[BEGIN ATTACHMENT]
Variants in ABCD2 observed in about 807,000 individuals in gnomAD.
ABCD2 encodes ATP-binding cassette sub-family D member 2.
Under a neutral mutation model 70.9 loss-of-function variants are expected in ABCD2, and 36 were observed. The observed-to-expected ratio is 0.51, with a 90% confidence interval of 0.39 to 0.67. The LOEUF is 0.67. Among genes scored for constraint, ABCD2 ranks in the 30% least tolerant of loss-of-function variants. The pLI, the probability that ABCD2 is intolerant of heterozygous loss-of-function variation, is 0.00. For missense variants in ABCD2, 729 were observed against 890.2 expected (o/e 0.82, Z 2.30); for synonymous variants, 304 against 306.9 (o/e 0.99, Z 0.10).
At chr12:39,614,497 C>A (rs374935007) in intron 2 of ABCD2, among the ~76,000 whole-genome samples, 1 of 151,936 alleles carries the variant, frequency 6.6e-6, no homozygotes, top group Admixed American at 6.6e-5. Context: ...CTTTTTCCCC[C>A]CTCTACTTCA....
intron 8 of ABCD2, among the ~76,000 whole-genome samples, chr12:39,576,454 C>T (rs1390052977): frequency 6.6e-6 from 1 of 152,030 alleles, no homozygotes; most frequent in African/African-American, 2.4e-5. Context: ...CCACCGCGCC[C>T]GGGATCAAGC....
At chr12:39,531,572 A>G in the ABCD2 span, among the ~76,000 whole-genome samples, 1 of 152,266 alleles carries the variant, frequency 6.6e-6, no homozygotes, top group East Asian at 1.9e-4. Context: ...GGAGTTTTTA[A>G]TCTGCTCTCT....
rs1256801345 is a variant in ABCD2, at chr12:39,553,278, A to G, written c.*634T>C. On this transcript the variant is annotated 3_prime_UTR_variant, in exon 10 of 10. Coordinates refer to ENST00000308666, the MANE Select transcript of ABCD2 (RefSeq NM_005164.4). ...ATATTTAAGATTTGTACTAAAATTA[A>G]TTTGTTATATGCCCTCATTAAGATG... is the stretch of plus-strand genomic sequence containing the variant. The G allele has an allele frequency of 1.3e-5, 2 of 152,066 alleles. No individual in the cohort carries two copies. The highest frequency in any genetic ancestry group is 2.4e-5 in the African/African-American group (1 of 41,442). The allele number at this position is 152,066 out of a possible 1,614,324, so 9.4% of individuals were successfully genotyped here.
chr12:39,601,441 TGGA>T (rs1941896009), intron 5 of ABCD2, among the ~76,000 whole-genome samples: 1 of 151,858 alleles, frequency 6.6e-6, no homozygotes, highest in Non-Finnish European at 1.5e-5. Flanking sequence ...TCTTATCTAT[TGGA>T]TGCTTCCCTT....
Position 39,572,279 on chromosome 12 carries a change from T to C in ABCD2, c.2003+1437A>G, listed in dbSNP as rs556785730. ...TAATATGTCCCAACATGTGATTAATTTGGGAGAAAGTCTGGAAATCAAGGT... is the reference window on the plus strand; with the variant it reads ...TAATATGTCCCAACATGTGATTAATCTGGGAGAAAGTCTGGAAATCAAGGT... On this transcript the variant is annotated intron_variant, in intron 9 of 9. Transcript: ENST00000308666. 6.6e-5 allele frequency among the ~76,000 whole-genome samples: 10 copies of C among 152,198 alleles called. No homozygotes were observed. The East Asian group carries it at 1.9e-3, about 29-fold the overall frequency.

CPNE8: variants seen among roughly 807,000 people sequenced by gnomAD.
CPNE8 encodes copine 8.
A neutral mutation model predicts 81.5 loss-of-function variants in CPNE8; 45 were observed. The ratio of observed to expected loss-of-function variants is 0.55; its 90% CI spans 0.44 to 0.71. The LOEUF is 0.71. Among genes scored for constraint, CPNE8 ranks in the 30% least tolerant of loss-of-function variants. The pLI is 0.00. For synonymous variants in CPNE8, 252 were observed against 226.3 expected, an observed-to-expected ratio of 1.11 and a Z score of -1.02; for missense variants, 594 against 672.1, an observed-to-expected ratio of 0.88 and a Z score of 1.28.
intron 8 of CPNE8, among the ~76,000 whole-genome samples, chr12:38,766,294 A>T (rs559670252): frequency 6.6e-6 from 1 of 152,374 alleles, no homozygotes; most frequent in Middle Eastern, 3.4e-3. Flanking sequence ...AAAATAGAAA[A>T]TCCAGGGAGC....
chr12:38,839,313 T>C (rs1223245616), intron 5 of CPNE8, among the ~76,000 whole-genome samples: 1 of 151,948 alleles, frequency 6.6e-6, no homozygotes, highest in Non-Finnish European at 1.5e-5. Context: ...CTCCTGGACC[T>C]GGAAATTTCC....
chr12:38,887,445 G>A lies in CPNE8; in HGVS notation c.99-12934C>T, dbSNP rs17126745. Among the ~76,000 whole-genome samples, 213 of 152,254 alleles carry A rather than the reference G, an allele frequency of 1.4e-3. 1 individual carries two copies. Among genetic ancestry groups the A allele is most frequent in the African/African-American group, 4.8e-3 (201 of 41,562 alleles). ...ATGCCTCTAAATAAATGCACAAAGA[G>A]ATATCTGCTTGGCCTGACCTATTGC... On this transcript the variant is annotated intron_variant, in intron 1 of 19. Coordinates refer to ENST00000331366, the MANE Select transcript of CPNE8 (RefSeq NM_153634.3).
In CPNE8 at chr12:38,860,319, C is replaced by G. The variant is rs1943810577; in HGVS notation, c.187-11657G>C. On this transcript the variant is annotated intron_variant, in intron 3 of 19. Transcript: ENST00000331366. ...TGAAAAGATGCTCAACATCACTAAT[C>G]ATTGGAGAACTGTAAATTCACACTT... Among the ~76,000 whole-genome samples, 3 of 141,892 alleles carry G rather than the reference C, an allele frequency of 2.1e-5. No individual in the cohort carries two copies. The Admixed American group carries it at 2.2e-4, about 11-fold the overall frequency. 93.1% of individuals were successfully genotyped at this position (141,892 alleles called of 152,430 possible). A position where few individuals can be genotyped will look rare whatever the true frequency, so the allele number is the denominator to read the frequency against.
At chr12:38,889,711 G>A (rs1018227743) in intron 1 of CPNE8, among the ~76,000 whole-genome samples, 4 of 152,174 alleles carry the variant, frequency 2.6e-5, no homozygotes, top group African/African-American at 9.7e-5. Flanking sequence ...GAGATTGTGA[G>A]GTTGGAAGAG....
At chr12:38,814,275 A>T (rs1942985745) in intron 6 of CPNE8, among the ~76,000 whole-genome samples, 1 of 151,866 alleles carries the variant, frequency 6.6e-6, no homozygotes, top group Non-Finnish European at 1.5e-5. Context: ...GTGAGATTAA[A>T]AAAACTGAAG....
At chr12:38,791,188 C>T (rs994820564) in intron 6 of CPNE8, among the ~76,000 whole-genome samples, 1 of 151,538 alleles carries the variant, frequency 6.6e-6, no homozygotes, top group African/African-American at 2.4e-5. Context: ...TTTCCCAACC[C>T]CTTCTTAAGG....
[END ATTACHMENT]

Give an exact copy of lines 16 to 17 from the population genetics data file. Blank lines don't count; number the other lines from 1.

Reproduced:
In CPNE8 at chr12:38,860,319, C is replaced by G. The variant is rs1943810577; in HGVS notation, c.187-11657G>C. On this transcript the variant is annotated intron_variant, in intron 3 of 19. Transcript: ENST00000331366. ...TGAAAAGATGCTCAACATCACTAAT[C>G]ATTGGAGAACTGTAAATTCACACTT... Among the ~76,000 whole-genome samples, 3 of 141,892 alleles carry G rather than the reference C, an allele frequency of 2.1e-5. No individual in the cohort carries two copies. The Admixed American group carries it at 2.2e-4, about 11-fold the overall frequency. 93.1% of individuals were successfully genotyped at this position (141,892 alleles called of 152,430 possible). A position where few individuals can be genotyped will look rare whatever the true frequency, so the allele number is the denominator to read the frequency against.
At chr12:38,889,711 G>A (rs1018227743) in intron 1 of CPNE8, among the ~76,000 whole-genome samples, 4 of 152,174 alleles carry the variant, frequency 2.6e-5, no homozygotes, top group African/African-American at 9.7e-5. Flanking sequence ...GAGATTGTGA[G>A]GTTGGAAGAG....